Dianna Love | Walk the Land
Uncategorized / June 6, 2008

Research is the strength of all stories, regardless if it is contemporary, historical, fantasy or futuristic. So how does an author create real settings in all of these worlds? I like to walk the land every time I can to pick up details we don’t see in a casual passing or on the internet. When Sherrilyn Kenyon and I were writing our new romantic-suspense story PHANTOM IN THE NIGHT (Pocket/June 10, 2008) last fall, we spent time in New Orleans (NO) surveying areas specifically for the story in spite of our joint knowledge of Louisiana. Sherrilyn knows New Orleans well since her Dark-Hunter series is set primarily there, KCON (Kenyon Convention) is in or around the French Quarter each year and she lived in NO at one time. I had family in Louisiana at one time and still do in Biloxi, Mississippi, plus friends in NO. I’ve fished from many of the coastal Louisiana towns along the Gulf of Mexico and had a business in NO at one time, so Louisiana has been a favorite location of mine for many years. Even with all this background, we spent time there last fall “walking the land” so we had fresh images…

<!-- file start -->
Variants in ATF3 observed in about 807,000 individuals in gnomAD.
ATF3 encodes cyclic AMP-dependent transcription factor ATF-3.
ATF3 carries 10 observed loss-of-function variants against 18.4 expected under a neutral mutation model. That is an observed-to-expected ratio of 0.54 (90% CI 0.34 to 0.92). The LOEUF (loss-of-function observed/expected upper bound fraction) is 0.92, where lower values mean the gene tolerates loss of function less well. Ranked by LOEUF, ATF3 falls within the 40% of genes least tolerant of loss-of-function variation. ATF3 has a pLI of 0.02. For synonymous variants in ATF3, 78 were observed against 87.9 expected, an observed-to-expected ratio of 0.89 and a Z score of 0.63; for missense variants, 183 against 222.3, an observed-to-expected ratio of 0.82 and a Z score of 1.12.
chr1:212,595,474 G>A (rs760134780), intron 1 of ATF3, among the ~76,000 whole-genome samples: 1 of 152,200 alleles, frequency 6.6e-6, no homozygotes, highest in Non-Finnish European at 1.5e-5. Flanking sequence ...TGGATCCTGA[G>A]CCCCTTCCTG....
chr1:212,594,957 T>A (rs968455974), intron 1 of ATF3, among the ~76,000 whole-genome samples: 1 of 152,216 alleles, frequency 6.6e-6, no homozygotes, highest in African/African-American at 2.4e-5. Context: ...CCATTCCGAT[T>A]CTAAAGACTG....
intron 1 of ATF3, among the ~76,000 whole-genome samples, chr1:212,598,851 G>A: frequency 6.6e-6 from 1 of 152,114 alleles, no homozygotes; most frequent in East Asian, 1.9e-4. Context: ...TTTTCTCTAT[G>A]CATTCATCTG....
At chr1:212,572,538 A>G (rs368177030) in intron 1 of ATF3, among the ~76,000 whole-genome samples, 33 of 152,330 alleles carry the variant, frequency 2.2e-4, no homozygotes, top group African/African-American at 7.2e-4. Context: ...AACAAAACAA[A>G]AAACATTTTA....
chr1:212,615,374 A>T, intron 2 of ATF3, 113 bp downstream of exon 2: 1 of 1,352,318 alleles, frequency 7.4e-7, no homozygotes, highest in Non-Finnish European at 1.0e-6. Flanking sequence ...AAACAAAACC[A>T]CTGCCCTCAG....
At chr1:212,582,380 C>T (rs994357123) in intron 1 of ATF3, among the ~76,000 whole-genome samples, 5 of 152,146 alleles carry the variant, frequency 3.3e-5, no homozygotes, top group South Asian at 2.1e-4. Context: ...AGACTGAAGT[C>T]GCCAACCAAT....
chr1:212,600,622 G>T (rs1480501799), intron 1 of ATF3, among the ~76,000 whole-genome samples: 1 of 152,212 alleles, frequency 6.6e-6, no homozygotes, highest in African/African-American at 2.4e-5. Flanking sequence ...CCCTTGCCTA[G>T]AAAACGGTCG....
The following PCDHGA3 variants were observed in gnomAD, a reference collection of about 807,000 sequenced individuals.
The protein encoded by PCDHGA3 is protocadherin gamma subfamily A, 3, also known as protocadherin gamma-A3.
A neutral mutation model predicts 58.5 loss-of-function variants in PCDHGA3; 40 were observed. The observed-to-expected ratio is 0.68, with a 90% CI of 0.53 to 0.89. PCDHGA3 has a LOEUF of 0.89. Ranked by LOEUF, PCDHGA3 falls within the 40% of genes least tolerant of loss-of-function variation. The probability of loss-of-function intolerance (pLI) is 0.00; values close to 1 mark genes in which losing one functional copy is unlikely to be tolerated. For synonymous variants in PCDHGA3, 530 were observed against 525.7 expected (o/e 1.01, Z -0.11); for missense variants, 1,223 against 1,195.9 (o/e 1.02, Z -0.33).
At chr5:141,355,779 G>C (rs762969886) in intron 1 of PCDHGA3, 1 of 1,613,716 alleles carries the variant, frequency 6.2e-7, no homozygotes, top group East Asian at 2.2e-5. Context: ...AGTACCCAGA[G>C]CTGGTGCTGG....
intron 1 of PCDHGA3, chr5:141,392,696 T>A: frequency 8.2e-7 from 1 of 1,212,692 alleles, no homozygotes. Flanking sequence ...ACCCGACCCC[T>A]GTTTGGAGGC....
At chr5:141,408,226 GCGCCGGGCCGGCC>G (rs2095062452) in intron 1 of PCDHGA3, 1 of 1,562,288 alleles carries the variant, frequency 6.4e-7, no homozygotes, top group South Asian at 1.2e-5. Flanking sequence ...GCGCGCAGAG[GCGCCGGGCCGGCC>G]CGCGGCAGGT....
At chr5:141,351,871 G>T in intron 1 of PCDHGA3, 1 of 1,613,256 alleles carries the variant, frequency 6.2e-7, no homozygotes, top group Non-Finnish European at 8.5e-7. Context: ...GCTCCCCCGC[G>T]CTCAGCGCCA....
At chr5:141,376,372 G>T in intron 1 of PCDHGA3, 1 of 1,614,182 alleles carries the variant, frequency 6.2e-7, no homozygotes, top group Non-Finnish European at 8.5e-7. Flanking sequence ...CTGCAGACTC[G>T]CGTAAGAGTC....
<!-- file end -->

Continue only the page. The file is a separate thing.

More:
Susan Lyons | I Hate Research – Except When I Don’t
Uncategorized / May 15, 2008

Personally, I’m not a big fan of research, and after 10 years of university I’d hoped my research days were behind me. Not so! But at least when I’m writing fiction, I can choose topics that interest me. Firefighters, for example. I decided that the hero of HOT IN HERE (the 2nd book in my Awesome Foursome series, which is a kind of “Sex And The City” series set in Vancouver, BC), would be a firefighter. Now there, let me tell you, was one tough research assignment! Drinking tea in a Vancouver fire hall kitchen with a group of hot firefighters; visiting a firefighter training centre in Reno; having a couple of Queensland firefighters dress me up in full turnout regalia, then catch me when I promptly toppled over! Not all research is that much fun, unfortunately. Sometimes it’s a matter of a quick or lengthy internet search or reading a stack of library books. That’s great for getting the factual info. I’ll usually start there. Then, if possible, I’ll set up an interview or two. Hearing people’s experiences and insights adds so much flesh to those factual bones. Personal experience is the best thing, of course – it gives…